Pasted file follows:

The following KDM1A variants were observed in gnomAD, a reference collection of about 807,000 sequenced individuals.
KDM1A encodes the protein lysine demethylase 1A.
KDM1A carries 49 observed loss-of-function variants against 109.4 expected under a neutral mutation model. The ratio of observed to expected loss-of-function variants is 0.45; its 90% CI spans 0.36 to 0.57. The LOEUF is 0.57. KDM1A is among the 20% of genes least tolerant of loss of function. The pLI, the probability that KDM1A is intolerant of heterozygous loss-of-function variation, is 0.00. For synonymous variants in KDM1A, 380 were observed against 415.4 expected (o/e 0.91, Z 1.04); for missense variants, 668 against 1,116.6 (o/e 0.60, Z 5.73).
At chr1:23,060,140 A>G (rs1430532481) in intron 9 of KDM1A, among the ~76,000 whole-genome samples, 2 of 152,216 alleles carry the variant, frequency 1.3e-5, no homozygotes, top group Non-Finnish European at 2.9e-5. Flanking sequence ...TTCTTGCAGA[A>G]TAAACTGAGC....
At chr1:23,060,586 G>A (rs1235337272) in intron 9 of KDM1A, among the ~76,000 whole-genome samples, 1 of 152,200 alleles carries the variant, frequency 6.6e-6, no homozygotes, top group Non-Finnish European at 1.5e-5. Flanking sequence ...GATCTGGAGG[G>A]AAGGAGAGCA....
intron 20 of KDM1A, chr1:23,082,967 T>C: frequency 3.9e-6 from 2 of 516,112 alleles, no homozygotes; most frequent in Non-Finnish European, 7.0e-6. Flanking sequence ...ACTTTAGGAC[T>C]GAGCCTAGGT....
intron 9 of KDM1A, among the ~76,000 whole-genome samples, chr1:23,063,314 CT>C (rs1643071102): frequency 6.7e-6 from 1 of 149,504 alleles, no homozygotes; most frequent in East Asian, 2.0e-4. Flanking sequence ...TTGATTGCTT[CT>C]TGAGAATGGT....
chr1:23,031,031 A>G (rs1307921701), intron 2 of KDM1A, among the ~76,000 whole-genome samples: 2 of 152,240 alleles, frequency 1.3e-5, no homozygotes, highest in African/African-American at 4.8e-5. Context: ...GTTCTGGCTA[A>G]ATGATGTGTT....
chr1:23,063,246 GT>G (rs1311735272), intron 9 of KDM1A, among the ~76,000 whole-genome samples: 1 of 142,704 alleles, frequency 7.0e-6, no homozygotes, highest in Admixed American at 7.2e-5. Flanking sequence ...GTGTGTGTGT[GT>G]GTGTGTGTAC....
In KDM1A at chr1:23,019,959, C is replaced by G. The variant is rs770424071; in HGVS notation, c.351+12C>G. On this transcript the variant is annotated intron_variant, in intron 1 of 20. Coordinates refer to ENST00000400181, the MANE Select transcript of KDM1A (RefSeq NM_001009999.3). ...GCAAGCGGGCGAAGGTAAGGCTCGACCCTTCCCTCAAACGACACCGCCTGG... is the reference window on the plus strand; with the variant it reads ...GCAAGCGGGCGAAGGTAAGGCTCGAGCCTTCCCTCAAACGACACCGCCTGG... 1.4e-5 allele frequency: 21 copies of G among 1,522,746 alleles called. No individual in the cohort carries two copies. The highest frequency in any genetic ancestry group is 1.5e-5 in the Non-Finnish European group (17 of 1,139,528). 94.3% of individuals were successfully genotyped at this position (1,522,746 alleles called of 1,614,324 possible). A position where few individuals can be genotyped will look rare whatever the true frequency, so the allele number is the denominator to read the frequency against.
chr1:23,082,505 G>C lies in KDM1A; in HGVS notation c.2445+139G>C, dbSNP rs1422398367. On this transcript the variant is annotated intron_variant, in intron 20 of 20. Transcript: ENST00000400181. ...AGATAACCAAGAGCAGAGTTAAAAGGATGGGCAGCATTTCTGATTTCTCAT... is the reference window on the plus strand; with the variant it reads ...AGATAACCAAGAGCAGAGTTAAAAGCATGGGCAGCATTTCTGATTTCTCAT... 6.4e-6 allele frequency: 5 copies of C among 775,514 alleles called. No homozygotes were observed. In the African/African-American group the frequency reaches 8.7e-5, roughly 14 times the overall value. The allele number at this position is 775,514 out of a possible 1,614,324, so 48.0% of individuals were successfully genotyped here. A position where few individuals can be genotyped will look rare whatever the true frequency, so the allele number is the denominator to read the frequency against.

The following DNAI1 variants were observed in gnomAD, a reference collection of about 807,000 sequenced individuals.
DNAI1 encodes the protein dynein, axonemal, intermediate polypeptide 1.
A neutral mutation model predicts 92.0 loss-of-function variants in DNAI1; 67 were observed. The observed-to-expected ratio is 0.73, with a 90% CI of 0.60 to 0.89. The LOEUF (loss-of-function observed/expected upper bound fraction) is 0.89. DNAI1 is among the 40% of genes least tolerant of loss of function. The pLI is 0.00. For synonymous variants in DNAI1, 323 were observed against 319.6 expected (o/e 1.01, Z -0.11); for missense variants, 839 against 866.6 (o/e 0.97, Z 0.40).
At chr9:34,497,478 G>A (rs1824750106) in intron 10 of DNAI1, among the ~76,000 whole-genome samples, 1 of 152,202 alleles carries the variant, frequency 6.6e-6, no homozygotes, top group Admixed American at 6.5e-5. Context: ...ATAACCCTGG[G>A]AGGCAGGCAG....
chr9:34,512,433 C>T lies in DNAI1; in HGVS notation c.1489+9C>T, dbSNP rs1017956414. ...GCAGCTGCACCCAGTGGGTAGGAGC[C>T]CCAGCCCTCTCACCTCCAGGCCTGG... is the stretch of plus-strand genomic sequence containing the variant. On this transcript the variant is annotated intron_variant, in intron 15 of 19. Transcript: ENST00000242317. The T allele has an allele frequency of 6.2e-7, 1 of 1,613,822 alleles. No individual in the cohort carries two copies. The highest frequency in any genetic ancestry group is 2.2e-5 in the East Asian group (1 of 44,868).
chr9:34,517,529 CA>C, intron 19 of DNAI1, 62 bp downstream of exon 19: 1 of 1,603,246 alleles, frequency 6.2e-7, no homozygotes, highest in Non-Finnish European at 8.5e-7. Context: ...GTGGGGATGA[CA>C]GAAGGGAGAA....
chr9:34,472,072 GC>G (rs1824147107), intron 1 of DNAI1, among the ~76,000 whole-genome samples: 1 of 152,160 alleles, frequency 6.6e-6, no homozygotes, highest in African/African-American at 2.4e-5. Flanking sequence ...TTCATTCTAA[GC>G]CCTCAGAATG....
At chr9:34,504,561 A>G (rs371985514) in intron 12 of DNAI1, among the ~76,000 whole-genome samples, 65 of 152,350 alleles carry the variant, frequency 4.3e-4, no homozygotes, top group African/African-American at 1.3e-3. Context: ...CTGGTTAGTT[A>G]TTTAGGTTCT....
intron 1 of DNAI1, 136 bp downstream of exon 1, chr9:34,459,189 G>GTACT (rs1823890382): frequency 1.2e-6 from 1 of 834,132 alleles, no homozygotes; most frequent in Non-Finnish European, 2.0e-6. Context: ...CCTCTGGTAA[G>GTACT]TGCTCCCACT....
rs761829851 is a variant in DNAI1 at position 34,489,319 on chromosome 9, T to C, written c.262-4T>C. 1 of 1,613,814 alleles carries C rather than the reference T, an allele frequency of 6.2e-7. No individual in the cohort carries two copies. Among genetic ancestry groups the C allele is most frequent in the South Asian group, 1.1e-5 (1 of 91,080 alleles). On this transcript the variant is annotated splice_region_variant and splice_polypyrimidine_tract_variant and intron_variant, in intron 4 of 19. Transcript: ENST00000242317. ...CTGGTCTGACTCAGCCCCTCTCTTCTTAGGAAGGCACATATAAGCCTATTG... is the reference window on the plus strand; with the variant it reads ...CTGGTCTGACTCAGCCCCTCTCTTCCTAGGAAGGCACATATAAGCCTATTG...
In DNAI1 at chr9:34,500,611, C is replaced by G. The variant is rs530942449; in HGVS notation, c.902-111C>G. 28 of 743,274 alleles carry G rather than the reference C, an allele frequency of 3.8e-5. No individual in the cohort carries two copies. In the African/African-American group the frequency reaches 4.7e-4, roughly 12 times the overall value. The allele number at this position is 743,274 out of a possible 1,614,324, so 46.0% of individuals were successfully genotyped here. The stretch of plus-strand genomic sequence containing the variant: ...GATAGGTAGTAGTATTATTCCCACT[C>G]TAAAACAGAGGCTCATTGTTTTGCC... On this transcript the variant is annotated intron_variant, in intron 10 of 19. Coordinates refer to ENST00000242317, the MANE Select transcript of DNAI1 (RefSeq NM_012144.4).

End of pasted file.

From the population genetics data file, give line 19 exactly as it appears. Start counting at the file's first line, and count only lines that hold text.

At chr9:34,504,561 A>G (rs371985514) in intron 12 of DNAI1, among the ~76,000 whole-genome samples, 65 of 152,350 alleles carry the variant, frequency 4.3e-4, no homozygotes, top group African/African-American at 1.3e-3. Context: ...CTGGTTAGTT[A>G]TTTAGGTTCT....